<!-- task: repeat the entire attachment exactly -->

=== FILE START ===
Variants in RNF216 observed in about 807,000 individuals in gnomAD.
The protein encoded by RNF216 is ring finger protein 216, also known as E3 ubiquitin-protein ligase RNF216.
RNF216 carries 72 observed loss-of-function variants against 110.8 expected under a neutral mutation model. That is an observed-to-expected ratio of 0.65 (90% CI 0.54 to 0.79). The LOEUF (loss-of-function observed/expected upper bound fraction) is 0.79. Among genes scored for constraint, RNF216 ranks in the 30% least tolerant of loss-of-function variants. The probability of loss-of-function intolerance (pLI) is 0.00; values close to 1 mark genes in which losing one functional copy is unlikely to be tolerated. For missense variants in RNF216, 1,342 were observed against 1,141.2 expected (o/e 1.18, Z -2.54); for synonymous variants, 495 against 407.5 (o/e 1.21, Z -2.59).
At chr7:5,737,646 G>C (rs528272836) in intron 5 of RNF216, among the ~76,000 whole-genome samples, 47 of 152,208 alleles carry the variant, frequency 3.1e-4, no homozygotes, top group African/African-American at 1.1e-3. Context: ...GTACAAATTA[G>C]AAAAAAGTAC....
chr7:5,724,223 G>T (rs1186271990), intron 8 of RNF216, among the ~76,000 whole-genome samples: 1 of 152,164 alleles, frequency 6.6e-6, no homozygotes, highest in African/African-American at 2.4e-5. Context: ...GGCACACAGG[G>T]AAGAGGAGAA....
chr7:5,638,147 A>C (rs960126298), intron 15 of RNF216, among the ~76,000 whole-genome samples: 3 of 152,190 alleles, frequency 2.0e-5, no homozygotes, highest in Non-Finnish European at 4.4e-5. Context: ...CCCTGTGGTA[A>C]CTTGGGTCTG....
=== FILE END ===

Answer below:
Variants in RNF216 observed in about 807,000 individuals in gnomAD.
The protein encoded by RNF216 is ring finger protein 216, also known as E3 ubiquitin-protein ligase RNF216.
RNF216 carries 72 observed loss-of-function variants against 110.8 expected under a neutral mutation model. That is an observed-to-expected ratio of 0.65 (90% CI 0.54 to 0.79). The LOEUF (loss-of-function observed/expected upper bound fraction) is 0.79. Among genes scored for constraint, RNF216 ranks in the 30% least tolerant of loss-of-function variants. The probability of loss-of-function intolerance (pLI) is 0.00; values close to 1 mark genes in which losing one functional copy is unlikely to be tolerated. For missense variants in RNF216, 1,342 were observed against 1,141.2 expected (o/e 1.18, Z -2.54); for synonymous variants, 495 against 407.5 (o/e 1.21, Z -2.59).
At chr7:5,737,646 G>C (rs528272836) in intron 5 of RNF216, among the ~76,000 whole-genome samples, 47 of 152,208 alleles carry the variant, frequency 3.1e-4, no homozygotes, top group African/African-American at 1.1e-3. Context: ...GTACAAATTA[G>C]AAAAAAGTAC....
chr7:5,724,223 G>T (rs1186271990), intron 8 of RNF216, among the ~76,000 whole-genome samples: 1 of 152,164 alleles, frequency 6.6e-6, no homozygotes, highest in African/African-American at 2.4e-5. Context: ...GGCACACAGG[G>T]AAGAGGAGAA....
chr7:5,638,147 A>C (rs960126298), intron 15 of RNF216, among the ~76,000 whole-genome samples: 3 of 152,190 alleles, frequency 2.0e-5, no homozygotes, highest in Non-Finnish European at 4.4e-5. Context: ...CCCTGTGGTA[A>C]CTTGGGTCTG....